• Ensure that all arrestees are charged promptly and presented without delay before a magistrate, as is required by section 62 of the Code of Criminal Procedure and the International Covenant on Civil and Political Rights.

  • Ratify the Convention against Torture and Other Cruel Inhuman and Degrading Treatment or Punishment.

Vulnerable Persons and Victims of Crime

  • Establish regular contact between supervising officers and representatives or organizations of groups that typically face police abuse, so that persons from these groups have a forum for communicating their concerns.

  • Provide medical and legal services for victims of violent crime. Fulfill Prime Minister Zia’s promise of instituting crisis centers in all divisional city hospitals to provide treatment and legal aid for women survivors of violence.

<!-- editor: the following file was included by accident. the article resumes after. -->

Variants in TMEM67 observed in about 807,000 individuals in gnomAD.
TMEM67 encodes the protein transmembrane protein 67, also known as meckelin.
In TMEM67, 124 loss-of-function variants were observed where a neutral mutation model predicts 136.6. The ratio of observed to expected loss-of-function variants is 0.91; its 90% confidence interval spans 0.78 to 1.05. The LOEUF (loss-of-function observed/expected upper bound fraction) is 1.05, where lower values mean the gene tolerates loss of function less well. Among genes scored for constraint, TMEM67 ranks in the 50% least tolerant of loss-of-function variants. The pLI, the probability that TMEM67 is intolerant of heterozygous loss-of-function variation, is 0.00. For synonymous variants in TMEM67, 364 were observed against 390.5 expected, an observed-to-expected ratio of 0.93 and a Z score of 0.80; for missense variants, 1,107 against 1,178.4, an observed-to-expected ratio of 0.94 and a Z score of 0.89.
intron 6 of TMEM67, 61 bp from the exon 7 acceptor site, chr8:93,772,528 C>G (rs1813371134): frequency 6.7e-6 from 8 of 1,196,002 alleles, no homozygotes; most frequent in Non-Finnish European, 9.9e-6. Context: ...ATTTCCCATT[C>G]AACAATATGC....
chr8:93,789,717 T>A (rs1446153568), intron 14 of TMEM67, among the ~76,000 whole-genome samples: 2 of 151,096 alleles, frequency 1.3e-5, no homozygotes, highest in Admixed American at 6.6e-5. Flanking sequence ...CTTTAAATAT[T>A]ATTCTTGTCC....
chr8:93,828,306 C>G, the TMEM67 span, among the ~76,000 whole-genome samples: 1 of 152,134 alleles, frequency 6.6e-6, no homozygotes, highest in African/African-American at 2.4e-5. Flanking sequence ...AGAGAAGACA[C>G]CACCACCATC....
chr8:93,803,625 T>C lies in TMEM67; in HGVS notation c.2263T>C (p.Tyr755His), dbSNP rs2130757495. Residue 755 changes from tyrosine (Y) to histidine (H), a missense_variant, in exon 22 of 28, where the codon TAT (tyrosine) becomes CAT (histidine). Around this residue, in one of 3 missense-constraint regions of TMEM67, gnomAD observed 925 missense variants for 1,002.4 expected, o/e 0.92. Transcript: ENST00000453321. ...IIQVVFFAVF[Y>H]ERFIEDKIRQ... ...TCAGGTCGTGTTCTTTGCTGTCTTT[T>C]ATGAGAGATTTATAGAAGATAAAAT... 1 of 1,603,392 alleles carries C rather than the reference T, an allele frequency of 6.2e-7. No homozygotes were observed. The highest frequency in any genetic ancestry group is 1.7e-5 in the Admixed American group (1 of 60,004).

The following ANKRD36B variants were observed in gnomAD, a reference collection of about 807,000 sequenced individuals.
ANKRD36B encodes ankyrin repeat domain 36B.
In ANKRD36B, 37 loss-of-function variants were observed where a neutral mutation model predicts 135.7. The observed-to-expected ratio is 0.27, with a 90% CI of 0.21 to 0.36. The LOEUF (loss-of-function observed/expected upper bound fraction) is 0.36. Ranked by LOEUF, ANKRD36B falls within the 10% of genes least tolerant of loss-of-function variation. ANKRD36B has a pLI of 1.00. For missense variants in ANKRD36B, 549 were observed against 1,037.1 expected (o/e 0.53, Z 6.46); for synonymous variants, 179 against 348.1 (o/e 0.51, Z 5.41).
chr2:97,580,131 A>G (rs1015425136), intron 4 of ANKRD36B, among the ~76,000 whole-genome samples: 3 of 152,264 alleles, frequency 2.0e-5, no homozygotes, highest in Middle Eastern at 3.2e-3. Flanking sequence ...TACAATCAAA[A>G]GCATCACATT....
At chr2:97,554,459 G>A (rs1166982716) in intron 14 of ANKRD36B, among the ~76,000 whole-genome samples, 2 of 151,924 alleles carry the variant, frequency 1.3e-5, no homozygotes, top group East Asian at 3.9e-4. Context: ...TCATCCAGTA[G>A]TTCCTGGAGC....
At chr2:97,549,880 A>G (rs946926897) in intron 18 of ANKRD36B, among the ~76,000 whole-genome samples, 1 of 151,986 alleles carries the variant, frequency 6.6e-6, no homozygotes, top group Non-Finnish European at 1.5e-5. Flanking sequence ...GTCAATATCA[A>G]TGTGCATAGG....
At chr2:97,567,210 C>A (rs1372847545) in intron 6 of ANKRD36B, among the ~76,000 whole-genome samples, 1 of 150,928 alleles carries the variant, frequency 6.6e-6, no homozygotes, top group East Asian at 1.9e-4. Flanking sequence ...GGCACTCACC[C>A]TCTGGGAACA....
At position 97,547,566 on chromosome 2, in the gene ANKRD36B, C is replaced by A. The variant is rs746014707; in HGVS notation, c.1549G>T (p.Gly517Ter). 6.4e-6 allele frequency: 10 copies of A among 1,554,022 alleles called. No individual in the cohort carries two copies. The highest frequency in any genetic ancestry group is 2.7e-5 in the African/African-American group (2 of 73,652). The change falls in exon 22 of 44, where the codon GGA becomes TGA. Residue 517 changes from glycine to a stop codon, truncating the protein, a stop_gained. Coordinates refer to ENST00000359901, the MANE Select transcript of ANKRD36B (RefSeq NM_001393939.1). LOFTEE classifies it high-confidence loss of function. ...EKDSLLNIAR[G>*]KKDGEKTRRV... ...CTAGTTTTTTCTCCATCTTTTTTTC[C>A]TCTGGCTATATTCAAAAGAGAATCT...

• End the illegal practice of confining sex workers in vagrancy homes.

  • Revise rape laws—section 375 of the Bangladesh Penal Code and the Repression of Violence Against Women and Children Act— so that they protect victims regardless of gender.

  • Repeal section 377 of the Bangladesh Penal Code, which has been interpreted to criminalize male-to-male sex.

The Army

  • The army should only be deployed for domestic law enforcement in extreme circumstances.

  • If the army is to continue to have a role, ensure that the army respects the law and the rights of suspects and all civilians. Institute procedural requirements for soldiers’ conduct and revoke immunity for abuses committed by soldiers during Operation Clean Heart.

Enhance and expand the national effort against HIV/AIDS

The government must take immediate, concerted action to avoid a major epidemic.